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Sketches of pigs started to fill my notebooks.

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After many drawings, I determined pig needed a name. I named her Pig.

It was also determined that she needed a wig.

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I drew Pig wearing many different wigs.

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I loved Pig in all of her wigs (still do) but this one became my favorite.

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The story of Pig and her wig started to take shape. Work began on a manuscript.

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The words “on a boat” kept cropping up and I started drawing images of Pig near a boat.

Sometimes I only drew the boat. The boat always had a pig snout on the bow.

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The first of many thumbnails were created.

So began the real work of the images and words becoming a picture book.

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Revisions happened. Drawings were scrapped and new ones were drawn. More revisions happened and eventually What This Story Needs Is A Pig In A Wig was finalized.

WTSN_09 PigInaWig-Cover

WTSN_10 PigOnHerBoat

It’s amazing to think that a black and white doodle of pig snouts, drawn while on the phone with a client, became the inspiration for a character and a story.

And the endpapers.

WTSN_11 SnoutEndpaper

guestbloggerbio2014

Emma J Virján was born under an Aries moon on a Wednesday, her dad’s bowling night. This explains her attraction to hardwood floors. She likes to draw, work in her garden and often lets her dog sleep on the couch. She makes her home in Austin, Texas where she spends her days as an illustrator and graphic designer. 

She is the author-illustrator of Nacho the Party Puppy, Random House, 2008, and the forthcoming What This Story Needs Is A Pig In a Wig, HarperCollins, May 12, 2015.

You can visit Emma Virján at Emmavirjan.com and follow her illustrative moods on Twitter @EmmaVirjan.

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Next is Caitlin B. Alexander! 

Being an illustrator, my concept for a story grows in tandem with my visual ideas. I look at children’s books that I admire, both old and new, and take note of what draws me to them. Is it the overarching message? The color palette? The scenery? What medium did they use for the art, and what kind of characters did they use? The art or writing may not resemble my work, but something about it can still inspire me. I have a massive collection of books that I turn to frequently.

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I am somewhat of an overly-organized person, so I make all sorts of bubble charts and graphs, with ideas sprouting into other ideas. Some of these are just images I would love to incorporate into a story, like a sailboat, and others are larger concepts. Eventually, with a lot of scribbling, listing, doodling, highlighting, and sample-writing, I come up with a rough idea or two that can be explored further. It reminds me of a slab of clay that has barely taken shape, but has a lot of potential.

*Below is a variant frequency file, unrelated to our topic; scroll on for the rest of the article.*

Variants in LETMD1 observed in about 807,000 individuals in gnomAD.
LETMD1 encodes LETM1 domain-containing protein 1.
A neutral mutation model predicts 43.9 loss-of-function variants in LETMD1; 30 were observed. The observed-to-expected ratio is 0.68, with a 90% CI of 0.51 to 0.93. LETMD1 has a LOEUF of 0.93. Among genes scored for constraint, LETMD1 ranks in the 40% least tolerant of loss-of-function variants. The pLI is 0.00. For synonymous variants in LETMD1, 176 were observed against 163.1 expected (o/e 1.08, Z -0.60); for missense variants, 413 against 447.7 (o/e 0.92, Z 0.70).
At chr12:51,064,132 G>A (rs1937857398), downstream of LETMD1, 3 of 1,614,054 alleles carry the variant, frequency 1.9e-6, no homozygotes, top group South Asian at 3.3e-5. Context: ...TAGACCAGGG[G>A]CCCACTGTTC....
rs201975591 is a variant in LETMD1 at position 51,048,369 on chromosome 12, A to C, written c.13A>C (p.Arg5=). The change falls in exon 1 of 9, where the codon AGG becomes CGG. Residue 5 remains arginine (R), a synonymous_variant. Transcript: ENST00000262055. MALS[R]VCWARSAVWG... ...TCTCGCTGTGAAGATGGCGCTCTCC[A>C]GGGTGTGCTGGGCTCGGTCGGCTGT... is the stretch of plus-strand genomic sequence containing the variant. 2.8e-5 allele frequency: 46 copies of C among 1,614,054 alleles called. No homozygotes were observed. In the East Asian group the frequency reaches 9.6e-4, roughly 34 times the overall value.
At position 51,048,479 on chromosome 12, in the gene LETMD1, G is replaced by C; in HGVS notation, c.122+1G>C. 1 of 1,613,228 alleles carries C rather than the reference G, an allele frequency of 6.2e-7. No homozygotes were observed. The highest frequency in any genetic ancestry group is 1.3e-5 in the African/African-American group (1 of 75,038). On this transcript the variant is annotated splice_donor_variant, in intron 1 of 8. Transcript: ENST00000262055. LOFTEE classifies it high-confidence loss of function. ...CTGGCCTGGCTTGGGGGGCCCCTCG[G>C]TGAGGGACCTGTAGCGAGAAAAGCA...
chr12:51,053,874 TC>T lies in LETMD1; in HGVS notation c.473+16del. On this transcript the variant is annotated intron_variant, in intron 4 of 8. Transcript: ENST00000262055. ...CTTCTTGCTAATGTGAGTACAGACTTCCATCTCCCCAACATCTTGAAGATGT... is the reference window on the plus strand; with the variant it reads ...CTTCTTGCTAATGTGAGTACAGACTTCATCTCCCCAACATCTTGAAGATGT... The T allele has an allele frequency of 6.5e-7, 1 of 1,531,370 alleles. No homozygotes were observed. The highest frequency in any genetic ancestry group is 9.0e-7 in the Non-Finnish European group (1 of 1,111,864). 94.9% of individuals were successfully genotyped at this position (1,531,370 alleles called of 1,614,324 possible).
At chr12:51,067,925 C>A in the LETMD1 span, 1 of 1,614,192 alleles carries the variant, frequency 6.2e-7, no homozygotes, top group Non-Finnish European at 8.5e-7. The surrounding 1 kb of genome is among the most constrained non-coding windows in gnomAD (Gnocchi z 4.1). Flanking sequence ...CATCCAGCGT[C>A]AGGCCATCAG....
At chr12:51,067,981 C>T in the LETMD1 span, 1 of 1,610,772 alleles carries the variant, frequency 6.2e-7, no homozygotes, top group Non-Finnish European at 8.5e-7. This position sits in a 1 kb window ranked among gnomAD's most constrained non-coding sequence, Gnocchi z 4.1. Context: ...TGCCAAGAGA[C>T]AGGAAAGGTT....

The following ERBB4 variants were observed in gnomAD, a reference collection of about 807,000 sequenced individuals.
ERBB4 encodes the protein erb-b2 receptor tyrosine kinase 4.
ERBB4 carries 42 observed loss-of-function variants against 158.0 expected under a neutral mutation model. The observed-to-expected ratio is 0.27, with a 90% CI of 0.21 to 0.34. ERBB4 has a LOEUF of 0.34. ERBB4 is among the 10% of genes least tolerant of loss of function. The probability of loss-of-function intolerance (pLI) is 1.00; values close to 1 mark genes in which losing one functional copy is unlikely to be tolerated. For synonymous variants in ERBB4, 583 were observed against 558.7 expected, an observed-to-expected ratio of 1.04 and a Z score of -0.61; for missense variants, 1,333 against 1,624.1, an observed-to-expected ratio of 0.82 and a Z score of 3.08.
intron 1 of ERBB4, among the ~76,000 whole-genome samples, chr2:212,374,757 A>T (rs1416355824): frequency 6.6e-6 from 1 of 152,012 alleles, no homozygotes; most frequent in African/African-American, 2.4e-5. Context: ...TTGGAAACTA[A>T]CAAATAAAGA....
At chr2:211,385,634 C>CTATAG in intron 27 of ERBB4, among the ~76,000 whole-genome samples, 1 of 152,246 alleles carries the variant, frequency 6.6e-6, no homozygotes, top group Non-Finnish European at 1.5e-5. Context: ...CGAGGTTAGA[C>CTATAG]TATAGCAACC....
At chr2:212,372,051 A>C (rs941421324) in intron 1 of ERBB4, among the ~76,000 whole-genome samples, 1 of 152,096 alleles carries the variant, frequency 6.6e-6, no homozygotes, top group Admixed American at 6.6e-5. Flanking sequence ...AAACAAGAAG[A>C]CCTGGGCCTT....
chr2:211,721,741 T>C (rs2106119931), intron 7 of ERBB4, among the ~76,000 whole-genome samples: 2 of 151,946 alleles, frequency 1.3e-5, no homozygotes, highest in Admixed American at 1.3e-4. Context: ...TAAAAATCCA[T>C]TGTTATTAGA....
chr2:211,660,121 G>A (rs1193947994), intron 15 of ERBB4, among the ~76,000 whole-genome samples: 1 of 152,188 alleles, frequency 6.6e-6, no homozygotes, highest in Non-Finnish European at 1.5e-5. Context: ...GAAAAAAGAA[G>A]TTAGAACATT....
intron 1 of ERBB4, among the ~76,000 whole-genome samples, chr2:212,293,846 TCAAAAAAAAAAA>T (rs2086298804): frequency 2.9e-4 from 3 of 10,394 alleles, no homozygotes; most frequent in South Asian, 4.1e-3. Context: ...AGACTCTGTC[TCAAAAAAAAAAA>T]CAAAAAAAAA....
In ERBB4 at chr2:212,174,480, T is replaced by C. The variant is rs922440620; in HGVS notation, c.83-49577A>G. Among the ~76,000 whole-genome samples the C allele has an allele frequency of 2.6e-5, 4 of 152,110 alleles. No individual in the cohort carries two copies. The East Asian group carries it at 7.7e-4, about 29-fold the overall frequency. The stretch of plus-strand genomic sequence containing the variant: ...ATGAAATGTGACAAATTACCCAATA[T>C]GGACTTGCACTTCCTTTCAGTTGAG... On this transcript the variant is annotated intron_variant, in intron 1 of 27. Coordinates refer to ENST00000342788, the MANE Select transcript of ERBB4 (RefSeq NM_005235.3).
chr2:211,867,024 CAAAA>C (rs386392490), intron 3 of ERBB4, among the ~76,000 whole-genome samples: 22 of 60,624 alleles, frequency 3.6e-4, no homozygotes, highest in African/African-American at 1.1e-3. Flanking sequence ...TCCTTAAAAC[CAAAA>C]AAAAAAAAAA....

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I wish I could say that I know what perfect and repeating formula works for getting a book published, but there are probably few people who do. The rest of us just create things that we love, and keep learning, making mistakes and trying new things. If we’re lucky, we’ve hit the right combination, and someone else has fallen in love with the idea as much as we have.

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guestbloggerbio2014

Caitlin B. Alexander is an illustrator based in Austin, Texas with a particular love for dry-brush gouache painting. Both her life and work are heavily influenced by the aesthetics of the 1940′s, ’50s and ’60s. She fancies herself a collector of memories as much as a collector of things, andenjoys bringing this sense of nostalgia to her audience.

Clients include: Spider Magazine, Ladybug Magazine (Cricket Media), Geneologie, Texas Board of Tourism, Dallas Child Magazine, Bearded Lady Screen Prints, Austin Society of Children’s Book Writers and Illustrators, PERC Coffee, The Kloud Agency, What’s Up Annapolis? Magazine

Visit Caitlin’s website at cbaillustration.com, follow her Tumblr at cbaillustration.tumblr.com and Tweet with her @cbaillustration.

____________________________________________________________________________

 

Marsha Riti

And now…Marsha Riti!

Because I consider myself an illustrator first and foremost, the way I approach storytelling is a bit different than a writer. My inspiration comes from sketching and playing around with materials.